Gross mortgage lending was £21.4bn in September, up 5 per cent year-on-year, according to UK Finance estimates.
August 2017 saw £24.3bn of lending carried out, 11 per cent higher than September 2017.
The trade body says housing market activity has built up “modest momentum” since the start of the year, helped by an increase in first-time buyer numbers.
The figures show two-thirds of gross lending, or £13.7bn, was carried out by high street banks.
High street lenders approved 41,584 house purchases in September, 7 per cent up year-on-year.
The seasonally adjusted figures for September show this group lent £7.91bn to house purchasers and £5.5bn to remortgagors.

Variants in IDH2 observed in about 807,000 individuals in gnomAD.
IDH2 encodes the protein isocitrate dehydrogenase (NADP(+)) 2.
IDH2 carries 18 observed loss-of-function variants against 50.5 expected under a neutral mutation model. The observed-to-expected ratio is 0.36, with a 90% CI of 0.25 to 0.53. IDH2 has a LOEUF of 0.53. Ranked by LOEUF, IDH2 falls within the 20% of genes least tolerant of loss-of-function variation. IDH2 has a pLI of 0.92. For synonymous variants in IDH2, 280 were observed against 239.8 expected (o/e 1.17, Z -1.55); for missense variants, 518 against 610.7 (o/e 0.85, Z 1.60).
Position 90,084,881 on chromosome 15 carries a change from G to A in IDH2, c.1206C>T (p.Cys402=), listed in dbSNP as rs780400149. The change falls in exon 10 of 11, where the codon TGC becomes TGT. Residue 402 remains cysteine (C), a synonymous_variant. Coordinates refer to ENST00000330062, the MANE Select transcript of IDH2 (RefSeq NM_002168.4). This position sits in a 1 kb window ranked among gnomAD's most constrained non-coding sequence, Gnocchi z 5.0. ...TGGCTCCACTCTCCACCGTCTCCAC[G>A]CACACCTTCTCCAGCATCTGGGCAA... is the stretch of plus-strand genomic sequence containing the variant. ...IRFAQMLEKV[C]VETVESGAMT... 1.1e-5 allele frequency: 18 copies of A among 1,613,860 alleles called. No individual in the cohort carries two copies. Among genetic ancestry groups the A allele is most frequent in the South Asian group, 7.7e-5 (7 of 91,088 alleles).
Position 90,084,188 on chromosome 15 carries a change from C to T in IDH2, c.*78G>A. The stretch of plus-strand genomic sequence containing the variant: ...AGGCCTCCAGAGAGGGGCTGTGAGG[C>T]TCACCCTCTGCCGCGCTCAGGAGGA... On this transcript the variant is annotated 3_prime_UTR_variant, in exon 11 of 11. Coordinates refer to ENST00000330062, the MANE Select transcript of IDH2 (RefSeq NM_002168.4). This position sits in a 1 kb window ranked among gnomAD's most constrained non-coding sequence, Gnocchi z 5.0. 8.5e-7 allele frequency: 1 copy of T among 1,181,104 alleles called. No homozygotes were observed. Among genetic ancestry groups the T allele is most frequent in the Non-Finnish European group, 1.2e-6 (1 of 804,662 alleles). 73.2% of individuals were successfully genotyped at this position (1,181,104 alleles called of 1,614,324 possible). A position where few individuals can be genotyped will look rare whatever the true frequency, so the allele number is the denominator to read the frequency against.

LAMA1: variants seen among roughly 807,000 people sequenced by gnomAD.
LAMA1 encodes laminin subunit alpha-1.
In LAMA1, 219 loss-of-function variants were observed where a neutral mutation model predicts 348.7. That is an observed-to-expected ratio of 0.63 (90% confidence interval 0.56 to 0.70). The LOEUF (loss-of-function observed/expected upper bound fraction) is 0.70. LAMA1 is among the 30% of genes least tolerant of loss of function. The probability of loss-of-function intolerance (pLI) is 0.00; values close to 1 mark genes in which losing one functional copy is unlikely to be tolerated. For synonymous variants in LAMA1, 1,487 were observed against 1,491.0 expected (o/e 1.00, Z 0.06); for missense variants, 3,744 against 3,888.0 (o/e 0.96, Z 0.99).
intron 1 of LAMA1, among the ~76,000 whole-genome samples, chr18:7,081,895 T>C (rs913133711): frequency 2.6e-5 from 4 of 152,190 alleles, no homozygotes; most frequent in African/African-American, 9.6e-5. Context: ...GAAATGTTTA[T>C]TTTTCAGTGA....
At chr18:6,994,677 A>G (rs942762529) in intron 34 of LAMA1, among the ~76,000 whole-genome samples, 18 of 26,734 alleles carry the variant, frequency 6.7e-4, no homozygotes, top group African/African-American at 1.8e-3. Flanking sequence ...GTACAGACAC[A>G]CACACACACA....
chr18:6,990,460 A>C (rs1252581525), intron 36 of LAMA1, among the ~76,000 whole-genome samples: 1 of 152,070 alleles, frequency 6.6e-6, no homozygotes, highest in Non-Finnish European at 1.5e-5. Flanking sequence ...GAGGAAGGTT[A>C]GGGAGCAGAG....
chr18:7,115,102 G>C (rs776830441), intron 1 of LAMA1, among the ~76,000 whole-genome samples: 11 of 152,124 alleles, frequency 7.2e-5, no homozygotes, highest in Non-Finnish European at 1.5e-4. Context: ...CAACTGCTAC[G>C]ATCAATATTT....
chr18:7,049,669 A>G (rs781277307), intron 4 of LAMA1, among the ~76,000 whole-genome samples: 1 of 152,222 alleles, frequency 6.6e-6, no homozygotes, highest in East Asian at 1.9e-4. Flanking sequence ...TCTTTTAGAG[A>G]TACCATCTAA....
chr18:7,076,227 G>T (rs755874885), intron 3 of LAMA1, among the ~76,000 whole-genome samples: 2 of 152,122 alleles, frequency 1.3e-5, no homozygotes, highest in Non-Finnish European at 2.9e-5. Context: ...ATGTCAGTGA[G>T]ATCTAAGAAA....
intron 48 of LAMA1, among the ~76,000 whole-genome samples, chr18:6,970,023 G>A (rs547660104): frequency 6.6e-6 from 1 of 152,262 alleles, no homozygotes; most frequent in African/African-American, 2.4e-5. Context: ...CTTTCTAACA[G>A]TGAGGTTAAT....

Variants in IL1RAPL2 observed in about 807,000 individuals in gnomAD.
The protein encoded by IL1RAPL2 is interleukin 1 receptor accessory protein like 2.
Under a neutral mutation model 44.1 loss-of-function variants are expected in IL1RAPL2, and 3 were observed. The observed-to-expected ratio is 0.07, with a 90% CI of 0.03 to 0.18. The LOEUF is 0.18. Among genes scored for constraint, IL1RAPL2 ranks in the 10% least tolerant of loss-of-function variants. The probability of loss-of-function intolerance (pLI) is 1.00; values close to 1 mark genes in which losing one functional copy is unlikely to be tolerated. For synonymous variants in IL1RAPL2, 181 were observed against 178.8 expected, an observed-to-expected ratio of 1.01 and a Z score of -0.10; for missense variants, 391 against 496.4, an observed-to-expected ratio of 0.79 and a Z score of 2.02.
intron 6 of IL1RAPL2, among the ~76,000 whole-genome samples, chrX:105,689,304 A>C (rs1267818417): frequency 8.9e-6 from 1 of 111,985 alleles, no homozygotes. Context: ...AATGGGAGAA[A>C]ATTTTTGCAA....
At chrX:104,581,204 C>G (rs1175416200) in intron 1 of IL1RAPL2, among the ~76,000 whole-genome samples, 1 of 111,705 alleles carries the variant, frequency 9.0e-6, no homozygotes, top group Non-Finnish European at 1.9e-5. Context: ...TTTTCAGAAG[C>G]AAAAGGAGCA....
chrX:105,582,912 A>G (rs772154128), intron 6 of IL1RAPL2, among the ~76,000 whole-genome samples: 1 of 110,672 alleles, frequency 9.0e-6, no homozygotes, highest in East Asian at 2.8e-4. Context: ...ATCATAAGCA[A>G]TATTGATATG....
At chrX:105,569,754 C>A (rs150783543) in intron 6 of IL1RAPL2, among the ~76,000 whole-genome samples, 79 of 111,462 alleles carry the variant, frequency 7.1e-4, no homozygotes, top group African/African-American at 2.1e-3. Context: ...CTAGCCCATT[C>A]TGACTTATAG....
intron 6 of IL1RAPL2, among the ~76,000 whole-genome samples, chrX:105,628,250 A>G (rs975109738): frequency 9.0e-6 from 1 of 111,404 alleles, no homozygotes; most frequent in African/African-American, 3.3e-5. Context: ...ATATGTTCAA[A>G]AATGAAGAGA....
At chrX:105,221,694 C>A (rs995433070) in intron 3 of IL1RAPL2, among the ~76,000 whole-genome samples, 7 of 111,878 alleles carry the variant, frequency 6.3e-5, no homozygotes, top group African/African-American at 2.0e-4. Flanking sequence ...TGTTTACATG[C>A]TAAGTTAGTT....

This compares to £7.94bn and £5.16bn month-on-month, respectively.
The average mortgage in September was £184,800, down from £188,100 in August but up from £176,200 in September 2016.
UK Finance senior economist Mohammad Jamei says: “As we near the end of 2017, our data is showing that housing market activity has built up modest momentum since the start of the year, helped by an increase in first-time buyer numbers.
“Rising inflation continues to put pressure on household budgets which is impacting consumer spending. Consumer credit growth has edged up a little compared to last month, but is in line with annual growth rates over the last year.
Remortgaging approvals were 29,570, up 20 per cent year-on-year.
“Businesses remain cautious about the future amidst an uncertain economic environment, reflected by their growing deposit activity and a dip in their borrowing growth rate.”